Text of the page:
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Let $\struct {S, +}$ be an algebraic structure where the operation $+$ is an operation derived from, or arising from, the addition operation on the natural numbers.

Let $\set {a_1, a_2, \ldots, a_n} \subseteq S$ be a set of elements of $S$.

Let $\map R j$ be a propositional function of $j$.


$\ds \sum_{\map R j} a_j$

be an instance of a summation on $\set {a_1, a_2, \ldots, a_n}$.

The set of elements $\set {a_j \in S: 1 \le j \le n, \map R j}$ is called the summand.

Infinite Summand

Let an infinite number of values of $j$ satisfy $\map R j = \T$.

The set of elements $\set {a_j \in A: \map R j}$ is called an infinite summand.

Also known as

The word addend appears to mean the same thing as summand, such that the two words may be used interchangeably.

The word term is frequently seen for summand, but term also has other meanings.

If it is important to avoid ambiguity then it is recommended that summand is used.

The term augend can sometimes be seen for (specifically) the first of a pair of summands, so in the context of $a + b = c$:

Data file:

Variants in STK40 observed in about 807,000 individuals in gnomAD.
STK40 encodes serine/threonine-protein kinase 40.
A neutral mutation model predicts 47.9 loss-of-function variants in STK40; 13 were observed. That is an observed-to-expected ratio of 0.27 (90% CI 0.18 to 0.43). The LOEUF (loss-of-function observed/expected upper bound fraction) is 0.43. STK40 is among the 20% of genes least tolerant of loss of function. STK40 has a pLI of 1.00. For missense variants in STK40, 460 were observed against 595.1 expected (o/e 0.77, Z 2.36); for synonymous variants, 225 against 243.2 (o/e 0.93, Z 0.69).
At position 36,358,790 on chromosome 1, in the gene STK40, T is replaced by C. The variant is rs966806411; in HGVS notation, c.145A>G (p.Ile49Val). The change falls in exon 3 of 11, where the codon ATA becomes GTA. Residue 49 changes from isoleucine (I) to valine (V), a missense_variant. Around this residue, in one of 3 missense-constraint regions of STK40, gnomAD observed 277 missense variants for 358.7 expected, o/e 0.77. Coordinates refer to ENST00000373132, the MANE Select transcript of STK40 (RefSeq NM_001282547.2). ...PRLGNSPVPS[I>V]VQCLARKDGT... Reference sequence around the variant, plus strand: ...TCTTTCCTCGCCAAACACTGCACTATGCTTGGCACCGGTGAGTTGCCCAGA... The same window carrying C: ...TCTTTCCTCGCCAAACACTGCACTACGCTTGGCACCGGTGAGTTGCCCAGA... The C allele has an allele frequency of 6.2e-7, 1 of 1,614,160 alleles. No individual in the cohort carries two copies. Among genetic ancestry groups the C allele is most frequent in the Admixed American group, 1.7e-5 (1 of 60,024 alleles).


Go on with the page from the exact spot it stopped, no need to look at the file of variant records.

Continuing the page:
$a$ is the augend
$b$ is the addend
$c$ is the sum.

In the context of summations, the summand is also known as the set of summands.

Also see

Linguistic Note

The extensions -and and -end derive from the Latin gerundive forms which impart the meaning that which must be ... to a word.

Thus the word summand, and its synonym addend, literally mean: that which must be summed (or added).

In natural language, the word addendum is more common than either, and similarly means something which is to be added (usually, by linguistic coincidence, to the end).

The archaic term augend has the same lingustic root as augment, which means to make larger.

Hence augend is interpreted as something which is to be made larger by adding an addend.